'Petya' cyber attack: Chernobyl's radiation monitoring system hit by worldwide hack

Monitoring is now being performed manually, Ukrainian authorities said

Andrew Griffin
Tuesday 27 June 2017 17:07 BST

The monitoring systems at the Chernobyl nuclear power plant have been broken by a worldwide hack.

Systems usually used to monitor the area around the power station – which is still an active and dangerous area following the disaster in 1986 – are not working because of the cyber attack, Ukrainian authorities said. Those areas must now be monitored manually, according to a statement.

The entire country of Ukraine is being hit by a sustained cyber attack that has hit some of its most important state and private infrastructure. Though the attack began in the country – and most of the damage is still being done there – it is rapidly spreading across the world, hitting firms across Europe and America.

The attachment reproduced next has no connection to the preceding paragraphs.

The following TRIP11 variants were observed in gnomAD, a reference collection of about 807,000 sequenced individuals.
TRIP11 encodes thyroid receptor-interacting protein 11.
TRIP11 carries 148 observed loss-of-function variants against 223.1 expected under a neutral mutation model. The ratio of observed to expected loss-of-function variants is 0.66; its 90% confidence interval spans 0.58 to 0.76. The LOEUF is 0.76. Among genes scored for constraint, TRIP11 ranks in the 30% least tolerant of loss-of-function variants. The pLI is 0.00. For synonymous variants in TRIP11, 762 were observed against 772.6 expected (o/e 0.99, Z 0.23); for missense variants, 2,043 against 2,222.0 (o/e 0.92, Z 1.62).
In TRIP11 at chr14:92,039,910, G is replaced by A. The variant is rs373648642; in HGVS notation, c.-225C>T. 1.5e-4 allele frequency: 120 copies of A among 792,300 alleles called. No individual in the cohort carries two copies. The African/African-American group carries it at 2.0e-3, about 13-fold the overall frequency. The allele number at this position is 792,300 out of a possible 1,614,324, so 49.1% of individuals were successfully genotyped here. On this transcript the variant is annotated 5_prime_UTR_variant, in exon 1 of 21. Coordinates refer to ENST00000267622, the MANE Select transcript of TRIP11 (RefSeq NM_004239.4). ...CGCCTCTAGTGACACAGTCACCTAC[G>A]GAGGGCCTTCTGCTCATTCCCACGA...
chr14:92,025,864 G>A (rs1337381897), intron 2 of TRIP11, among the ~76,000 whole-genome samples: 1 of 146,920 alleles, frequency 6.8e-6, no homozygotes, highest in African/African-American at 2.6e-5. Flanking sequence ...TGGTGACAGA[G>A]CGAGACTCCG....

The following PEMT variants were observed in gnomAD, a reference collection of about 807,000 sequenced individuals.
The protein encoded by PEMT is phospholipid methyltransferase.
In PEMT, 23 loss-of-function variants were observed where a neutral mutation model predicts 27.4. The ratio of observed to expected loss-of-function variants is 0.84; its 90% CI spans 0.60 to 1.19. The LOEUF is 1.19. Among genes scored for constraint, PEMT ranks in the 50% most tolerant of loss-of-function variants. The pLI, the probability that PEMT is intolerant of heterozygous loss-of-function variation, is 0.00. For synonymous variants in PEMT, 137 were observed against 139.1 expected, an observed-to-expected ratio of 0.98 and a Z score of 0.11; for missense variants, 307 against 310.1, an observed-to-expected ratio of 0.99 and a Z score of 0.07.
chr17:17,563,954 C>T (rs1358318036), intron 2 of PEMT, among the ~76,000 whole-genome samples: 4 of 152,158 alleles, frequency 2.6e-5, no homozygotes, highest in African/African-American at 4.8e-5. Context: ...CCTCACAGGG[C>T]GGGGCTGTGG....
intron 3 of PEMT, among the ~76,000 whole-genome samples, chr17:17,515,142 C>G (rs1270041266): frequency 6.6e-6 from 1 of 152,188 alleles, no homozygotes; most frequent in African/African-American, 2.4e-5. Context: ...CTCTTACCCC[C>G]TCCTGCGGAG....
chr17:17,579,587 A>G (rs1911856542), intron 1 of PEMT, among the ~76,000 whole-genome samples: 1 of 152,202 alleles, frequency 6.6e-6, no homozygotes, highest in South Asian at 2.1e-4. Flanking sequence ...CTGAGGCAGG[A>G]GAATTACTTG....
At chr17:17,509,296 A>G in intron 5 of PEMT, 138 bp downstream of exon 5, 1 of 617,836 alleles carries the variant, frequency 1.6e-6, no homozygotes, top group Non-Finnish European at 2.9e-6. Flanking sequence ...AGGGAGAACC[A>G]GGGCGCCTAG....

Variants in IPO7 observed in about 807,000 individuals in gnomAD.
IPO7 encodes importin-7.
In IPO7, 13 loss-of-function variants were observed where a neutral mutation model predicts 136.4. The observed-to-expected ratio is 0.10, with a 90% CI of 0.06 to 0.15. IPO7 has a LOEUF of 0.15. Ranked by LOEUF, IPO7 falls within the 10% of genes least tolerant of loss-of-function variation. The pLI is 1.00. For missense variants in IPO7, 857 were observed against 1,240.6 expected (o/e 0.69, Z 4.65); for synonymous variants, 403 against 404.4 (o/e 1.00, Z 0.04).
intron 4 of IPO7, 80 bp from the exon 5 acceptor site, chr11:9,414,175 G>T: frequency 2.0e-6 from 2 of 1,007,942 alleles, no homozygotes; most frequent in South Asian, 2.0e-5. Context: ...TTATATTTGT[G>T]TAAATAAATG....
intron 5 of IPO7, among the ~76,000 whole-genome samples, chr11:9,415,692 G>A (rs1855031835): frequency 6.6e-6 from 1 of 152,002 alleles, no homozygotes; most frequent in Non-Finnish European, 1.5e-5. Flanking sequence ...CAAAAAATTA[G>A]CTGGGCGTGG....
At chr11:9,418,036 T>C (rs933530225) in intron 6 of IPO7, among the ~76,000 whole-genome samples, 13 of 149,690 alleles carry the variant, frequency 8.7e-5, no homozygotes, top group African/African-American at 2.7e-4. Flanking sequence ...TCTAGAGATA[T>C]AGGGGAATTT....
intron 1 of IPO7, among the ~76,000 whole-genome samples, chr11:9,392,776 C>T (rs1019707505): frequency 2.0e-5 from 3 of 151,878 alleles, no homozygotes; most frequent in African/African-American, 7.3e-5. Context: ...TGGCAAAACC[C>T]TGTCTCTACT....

The hack also took down the power plant's website, which usually hosts information about the incident and the area.

All systems at the plant are continuing to operate normally, authorities warned, and automated monitoring in some areas is still working fine. But monitoring in the industrial zone around the plant is being performed manually, using older technology, the statement read.

Authorities suggested that the problems were a result of that monitoring system running on Windows. That operating system is also thought to be the software hit by the attack, which is a variant of the Wannacry ransomware that took down computers across the world – including the NHS – in May.

Join our commenting forum

Join thought-provoking conversations, follow other Independent readers and see their replies


Thank you for registering

Please refresh the page or navigate to another page on the site to be automatically logged inPlease refresh your browser to be logged in